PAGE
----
Serving
Mohave County
May 2024
Volume 24 Issue 3
COMPLIMENTARY

May 2023 | General | 0 comments

Attorney General Mayes Joins Coalition Urging U.S. Supreme Court to Protect Public Safety and Victims of Domestic Abuse

General | 0 comments

May 2023

ARIZONA – Attorney General Mayes today urged the U.S. Supreme Court to hear an important case to preserve states’ authority to bar individuals subject to domestic violence restraining orders from accessing guns. Attorney General Mayes joined a coalition of 25 attorneys general, co-led by Illinois Attorney General Kwame Raoul and District of Columbia Attorney General Brian Schwalb, in filing an amicus brief today in the U.S. Supreme Court, urging the court to review the case, United States v. Rahimi. 
        Federal law bars people subject to domestic violence restraining orders from possessing firearms. The defendant in Rahimi – who was under a domestic violence restraining order issued by a state court in Texas for assaulting and shooting at his girlfriend – challenged the statute on the ground that it violates the Second Amendment of the U.S. Constitution, and the United States Court of Appeals for the 5th Circuit issued an opinion earlier this year agreeing. Attorney General Mayes and the coalition are asking the Supreme Court to hear the case, overrule the lower court and restore the federal law.
        “Domestic violence restraining orders exist to protect victims from further harm at the hands of their abusers,” said Attorney General Mayes. “Allowing individuals with domestic violence restraining orders access to firearms puts their victims at risk and endangers the broader community. I urge the Supreme Court to hear this case and restore the ability of states to protect their residents from this type of violence.”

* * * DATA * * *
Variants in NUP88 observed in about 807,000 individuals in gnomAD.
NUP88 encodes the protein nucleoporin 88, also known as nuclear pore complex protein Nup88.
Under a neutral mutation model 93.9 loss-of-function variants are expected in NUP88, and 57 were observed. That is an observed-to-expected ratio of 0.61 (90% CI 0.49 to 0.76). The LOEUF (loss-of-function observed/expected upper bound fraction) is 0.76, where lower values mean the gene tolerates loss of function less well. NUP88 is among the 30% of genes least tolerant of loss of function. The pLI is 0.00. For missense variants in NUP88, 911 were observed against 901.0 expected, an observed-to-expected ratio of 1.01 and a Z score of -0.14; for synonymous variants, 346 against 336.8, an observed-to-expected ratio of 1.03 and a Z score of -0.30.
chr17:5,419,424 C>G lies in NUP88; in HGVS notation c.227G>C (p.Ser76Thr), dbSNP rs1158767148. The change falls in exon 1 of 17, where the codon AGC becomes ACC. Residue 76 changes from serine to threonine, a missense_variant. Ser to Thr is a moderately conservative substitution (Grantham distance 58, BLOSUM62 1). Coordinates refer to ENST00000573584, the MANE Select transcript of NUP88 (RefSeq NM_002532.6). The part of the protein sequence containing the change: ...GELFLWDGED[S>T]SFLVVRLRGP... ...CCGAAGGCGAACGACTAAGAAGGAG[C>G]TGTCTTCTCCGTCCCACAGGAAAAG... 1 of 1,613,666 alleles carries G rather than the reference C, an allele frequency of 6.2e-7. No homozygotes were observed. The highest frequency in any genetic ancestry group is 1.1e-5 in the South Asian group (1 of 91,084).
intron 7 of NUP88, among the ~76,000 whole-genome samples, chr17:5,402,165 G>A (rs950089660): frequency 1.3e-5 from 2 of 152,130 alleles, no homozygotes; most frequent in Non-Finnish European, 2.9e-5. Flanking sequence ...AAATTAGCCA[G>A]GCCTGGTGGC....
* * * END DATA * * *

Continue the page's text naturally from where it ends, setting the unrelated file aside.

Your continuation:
In addition to the federal law, nearly every state in the country has enacted a law limiting access to firearms for those subject to domestic violence restraining orders. Attorney General Mayes and the attorneys general argue that the appeals court ruling puts at risk domestic violence victims who may be harmed or killed by their abusers, and hamstrings both the federal government and states in their efforts to protect their residents’ safety.
      The attorneys general argue that statutes of this sort are both constitutional and lifesaving. Studies have shown that such measures reduce homicides of both intimate partners and law enforcement officers. An abuser is five times more likely to murder his or her intimate partner if a firearm is in the home. In the United States, 80% of these homicide victims are women, and pregnant women and women of color are disproportionately the targets of intimate partner violence.

Attorney General Mayes is joined in filing the brief by the attorneys general of California, Colorado, Connecticut, Delaware, the District of Columbia, Hawaii, Illinois, Maine, Maryland, Massachusetts, Michigan, Minnesota, Nevada, New Jersey, New Mexico, New York, North Carolina, the Commonwealth of the Northern Mariana Islands, Oregon, Pennsylvania, Rhode Island, Vermont, Washington and Wisconsin. 

AZYP awarded significant grant aimed to assist homeless youth

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Arizona residents brace for fallout from University of Arizona’s financial problems

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